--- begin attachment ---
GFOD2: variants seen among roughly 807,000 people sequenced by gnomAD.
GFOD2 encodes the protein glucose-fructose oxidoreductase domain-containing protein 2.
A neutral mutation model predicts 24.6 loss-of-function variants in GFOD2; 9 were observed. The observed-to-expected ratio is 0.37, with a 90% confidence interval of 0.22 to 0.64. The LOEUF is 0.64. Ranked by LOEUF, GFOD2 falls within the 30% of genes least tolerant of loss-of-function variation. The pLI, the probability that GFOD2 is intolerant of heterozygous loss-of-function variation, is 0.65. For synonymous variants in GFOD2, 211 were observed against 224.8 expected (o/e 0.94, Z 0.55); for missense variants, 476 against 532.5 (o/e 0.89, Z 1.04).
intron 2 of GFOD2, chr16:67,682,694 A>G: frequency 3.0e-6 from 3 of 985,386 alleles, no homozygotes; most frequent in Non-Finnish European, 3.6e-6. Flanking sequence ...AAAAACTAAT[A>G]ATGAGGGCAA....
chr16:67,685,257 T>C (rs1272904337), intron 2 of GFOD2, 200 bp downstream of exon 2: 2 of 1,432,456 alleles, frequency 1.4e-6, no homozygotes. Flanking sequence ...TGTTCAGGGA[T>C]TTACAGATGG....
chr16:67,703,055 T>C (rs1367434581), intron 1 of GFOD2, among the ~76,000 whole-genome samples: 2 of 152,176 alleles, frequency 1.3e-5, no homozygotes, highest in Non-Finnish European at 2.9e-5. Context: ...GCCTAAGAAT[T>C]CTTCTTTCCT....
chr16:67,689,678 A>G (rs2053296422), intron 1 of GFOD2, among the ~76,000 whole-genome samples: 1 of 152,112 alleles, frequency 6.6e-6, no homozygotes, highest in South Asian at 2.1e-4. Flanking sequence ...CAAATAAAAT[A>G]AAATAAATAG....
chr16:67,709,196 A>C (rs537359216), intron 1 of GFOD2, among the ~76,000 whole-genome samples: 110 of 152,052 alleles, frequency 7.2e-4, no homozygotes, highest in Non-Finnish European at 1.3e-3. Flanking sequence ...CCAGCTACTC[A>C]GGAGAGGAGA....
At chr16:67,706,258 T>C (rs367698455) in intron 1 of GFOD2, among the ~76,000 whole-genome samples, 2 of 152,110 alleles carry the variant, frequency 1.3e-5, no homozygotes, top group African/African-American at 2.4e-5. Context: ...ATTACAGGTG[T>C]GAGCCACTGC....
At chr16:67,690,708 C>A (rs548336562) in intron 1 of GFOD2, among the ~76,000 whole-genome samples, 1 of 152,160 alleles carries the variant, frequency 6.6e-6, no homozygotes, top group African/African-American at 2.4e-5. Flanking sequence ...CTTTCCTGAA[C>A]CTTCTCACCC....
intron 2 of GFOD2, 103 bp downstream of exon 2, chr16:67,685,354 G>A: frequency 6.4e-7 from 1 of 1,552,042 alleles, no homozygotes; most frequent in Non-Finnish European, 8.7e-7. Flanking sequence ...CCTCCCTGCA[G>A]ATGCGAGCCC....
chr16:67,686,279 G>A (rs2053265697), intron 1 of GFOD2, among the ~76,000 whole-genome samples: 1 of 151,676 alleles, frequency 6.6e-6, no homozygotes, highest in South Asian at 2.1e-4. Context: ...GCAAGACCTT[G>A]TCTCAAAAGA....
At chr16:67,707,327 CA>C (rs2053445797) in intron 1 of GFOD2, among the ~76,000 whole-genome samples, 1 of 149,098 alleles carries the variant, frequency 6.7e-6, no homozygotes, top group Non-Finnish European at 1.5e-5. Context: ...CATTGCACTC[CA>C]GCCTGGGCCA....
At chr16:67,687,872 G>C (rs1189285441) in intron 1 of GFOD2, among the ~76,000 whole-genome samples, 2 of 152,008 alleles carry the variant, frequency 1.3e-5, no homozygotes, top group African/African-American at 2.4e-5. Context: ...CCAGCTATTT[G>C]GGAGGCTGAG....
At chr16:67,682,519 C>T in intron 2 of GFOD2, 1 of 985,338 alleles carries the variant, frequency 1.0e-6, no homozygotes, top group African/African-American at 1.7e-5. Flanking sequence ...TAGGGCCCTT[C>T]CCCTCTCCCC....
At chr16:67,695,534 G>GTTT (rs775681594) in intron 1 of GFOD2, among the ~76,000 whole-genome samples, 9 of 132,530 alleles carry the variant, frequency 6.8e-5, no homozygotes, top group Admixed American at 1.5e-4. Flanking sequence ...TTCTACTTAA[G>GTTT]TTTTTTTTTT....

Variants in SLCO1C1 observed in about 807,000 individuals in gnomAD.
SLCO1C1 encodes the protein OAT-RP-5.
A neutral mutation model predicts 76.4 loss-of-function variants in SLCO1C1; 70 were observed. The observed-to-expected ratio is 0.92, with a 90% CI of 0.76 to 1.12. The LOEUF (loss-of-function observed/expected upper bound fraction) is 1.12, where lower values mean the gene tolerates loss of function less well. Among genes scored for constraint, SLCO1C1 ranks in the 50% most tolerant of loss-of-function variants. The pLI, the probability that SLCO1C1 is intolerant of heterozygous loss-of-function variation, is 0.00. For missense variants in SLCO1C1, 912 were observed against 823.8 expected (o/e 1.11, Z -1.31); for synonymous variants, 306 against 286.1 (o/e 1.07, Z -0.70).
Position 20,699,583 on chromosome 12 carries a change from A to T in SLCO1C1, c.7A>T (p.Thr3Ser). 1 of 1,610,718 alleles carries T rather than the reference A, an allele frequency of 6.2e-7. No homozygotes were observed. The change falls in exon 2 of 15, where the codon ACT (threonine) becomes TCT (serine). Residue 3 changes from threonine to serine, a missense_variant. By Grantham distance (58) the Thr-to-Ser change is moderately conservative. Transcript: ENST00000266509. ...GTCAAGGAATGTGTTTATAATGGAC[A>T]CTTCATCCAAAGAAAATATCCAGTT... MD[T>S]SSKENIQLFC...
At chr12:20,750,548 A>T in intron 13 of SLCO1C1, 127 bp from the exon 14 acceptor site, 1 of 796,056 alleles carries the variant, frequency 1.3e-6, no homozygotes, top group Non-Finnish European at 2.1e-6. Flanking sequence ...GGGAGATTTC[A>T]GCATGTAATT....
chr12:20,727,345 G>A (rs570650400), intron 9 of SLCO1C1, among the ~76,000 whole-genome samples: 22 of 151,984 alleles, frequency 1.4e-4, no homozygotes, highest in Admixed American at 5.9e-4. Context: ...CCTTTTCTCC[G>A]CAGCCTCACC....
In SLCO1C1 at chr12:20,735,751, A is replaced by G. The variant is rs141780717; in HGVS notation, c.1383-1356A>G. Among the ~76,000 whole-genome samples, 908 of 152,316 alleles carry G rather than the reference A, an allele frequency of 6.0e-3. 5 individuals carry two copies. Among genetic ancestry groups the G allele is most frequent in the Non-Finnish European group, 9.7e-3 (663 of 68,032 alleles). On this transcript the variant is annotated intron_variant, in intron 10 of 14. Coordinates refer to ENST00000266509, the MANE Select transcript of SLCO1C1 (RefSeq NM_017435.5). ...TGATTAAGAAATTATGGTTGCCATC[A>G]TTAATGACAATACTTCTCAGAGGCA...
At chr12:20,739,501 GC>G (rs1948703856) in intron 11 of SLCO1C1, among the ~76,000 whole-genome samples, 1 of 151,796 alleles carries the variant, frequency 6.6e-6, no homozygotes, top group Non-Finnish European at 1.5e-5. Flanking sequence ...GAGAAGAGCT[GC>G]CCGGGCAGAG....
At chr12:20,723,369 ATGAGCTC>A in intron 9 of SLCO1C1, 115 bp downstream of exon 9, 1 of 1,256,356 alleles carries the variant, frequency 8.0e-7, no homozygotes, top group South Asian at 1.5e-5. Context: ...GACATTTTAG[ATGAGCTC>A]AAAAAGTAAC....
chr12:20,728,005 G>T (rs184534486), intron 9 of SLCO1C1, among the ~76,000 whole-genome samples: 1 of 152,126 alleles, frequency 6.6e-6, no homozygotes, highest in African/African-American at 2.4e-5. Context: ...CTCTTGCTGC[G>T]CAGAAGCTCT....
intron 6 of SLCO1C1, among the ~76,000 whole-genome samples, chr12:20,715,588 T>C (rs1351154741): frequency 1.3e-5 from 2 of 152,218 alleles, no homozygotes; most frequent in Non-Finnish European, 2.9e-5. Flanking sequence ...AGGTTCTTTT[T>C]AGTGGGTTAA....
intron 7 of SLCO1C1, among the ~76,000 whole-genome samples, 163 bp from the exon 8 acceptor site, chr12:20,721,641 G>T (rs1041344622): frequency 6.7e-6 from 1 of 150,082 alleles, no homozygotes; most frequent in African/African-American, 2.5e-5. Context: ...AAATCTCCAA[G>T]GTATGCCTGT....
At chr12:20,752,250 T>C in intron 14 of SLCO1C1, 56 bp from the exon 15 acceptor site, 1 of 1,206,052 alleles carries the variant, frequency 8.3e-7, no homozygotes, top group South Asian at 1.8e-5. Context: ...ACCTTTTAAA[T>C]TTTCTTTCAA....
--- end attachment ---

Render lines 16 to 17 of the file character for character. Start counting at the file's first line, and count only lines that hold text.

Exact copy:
At chr16:67,695,534 G>GTTT (rs775681594) in intron 1 of GFOD2, among the ~76,000 whole-genome samples, 9 of 132,530 alleles carry the variant, frequency 6.8e-5, no homozygotes, top group Admixed American at 1.5e-4. Flanking sequence ...TTCTACTTAA[G>GTTT]TTTTTTTTTT....

Variants in SLCO1C1 observed in about 807,000 individuals in gnomAD.